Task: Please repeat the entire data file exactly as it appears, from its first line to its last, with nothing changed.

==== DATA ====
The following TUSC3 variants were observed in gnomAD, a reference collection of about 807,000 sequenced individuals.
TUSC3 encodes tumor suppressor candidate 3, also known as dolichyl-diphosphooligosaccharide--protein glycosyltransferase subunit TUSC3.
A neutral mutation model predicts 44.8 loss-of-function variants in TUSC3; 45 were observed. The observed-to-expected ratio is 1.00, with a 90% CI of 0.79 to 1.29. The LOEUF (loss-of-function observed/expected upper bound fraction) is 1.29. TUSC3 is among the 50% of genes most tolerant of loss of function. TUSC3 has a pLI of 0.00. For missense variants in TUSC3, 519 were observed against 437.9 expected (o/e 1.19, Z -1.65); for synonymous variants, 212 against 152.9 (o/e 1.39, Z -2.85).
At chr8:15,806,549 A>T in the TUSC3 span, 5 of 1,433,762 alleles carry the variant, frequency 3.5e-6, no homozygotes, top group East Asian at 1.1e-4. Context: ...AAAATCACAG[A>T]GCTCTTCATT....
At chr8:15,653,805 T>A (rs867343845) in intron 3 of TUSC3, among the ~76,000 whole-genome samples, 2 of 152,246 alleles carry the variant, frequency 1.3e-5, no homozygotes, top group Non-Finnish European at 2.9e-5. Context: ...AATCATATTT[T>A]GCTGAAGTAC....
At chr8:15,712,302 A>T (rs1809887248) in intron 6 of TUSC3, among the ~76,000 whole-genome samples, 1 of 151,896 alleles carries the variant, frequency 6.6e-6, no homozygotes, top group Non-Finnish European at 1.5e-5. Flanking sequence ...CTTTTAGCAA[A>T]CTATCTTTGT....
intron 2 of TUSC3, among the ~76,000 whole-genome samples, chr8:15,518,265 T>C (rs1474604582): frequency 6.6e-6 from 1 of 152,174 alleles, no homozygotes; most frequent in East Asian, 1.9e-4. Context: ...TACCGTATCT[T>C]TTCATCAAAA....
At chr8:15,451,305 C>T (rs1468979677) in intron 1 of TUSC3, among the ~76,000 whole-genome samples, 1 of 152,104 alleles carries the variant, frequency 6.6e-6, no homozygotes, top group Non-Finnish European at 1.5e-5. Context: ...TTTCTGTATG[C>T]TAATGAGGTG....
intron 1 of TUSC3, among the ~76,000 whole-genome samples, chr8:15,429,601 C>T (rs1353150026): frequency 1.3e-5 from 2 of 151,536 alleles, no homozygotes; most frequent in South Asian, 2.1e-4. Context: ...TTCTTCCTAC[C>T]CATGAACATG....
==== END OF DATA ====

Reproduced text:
The following TUSC3 variants were observed in gnomAD, a reference collection of about 807,000 sequenced individuals.
TUSC3 encodes tumor suppressor candidate 3, also known as dolichyl-diphosphooligosaccharide--protein glycosyltransferase subunit TUSC3.
A neutral mutation model predicts 44.8 loss-of-function variants in TUSC3; 45 were observed. The observed-to-expected ratio is 1.00, with a 90% CI of 0.79 to 1.29. The LOEUF (loss-of-function observed/expected upper bound fraction) is 1.29. TUSC3 is among the 50% of genes most tolerant of loss of function. TUSC3 has a pLI of 0.00. For missense variants in TUSC3, 519 were observed against 437.9 expected (o/e 1.19, Z -1.65); for synonymous variants, 212 against 152.9 (o/e 1.39, Z -2.85).
At chr8:15,806,549 A>T in the TUSC3 span, 5 of 1,433,762 alleles carry the variant, frequency 3.5e-6, no homozygotes, top group East Asian at 1.1e-4. Context: ...AAAATCACAG[A>T]GCTCTTCATT....
At chr8:15,653,805 T>A (rs867343845) in intron 3 of TUSC3, among the ~76,000 whole-genome samples, 2 of 152,246 alleles carry the variant, frequency 1.3e-5, no homozygotes, top group Non-Finnish European at 2.9e-5. Context: ...AATCATATTT[T>A]GCTGAAGTAC....
At chr8:15,712,302 A>T (rs1809887248) in intron 6 of TUSC3, among the ~76,000 whole-genome samples, 1 of 151,896 alleles carries the variant, frequency 6.6e-6, no homozygotes, top group Non-Finnish European at 1.5e-5. Flanking sequence ...CTTTTAGCAA[A>T]CTATCTTTGT....
intron 2 of TUSC3, among the ~76,000 whole-genome samples, chr8:15,518,265 T>C (rs1474604582): frequency 6.6e-6 from 1 of 152,174 alleles, no homozygotes; most frequent in East Asian, 1.9e-4. Context: ...TACCGTATCT[T>C]TTCATCAAAA....
At chr8:15,451,305 C>T (rs1468979677) in intron 1 of TUSC3, among the ~76,000 whole-genome samples, 1 of 152,104 alleles carries the variant, frequency 6.6e-6, no homozygotes, top group Non-Finnish European at 1.5e-5. Context: ...TTTCTGTATG[C>T]TAATGAGGTG....
intron 1 of TUSC3, among the ~76,000 whole-genome samples, chr8:15,429,601 C>T (rs1353150026): frequency 1.3e-5 from 2 of 151,536 alleles, no homozygotes; most frequent in South Asian, 2.1e-4. Context: ...TTCTTCCTAC[C>T]CATGAACATG....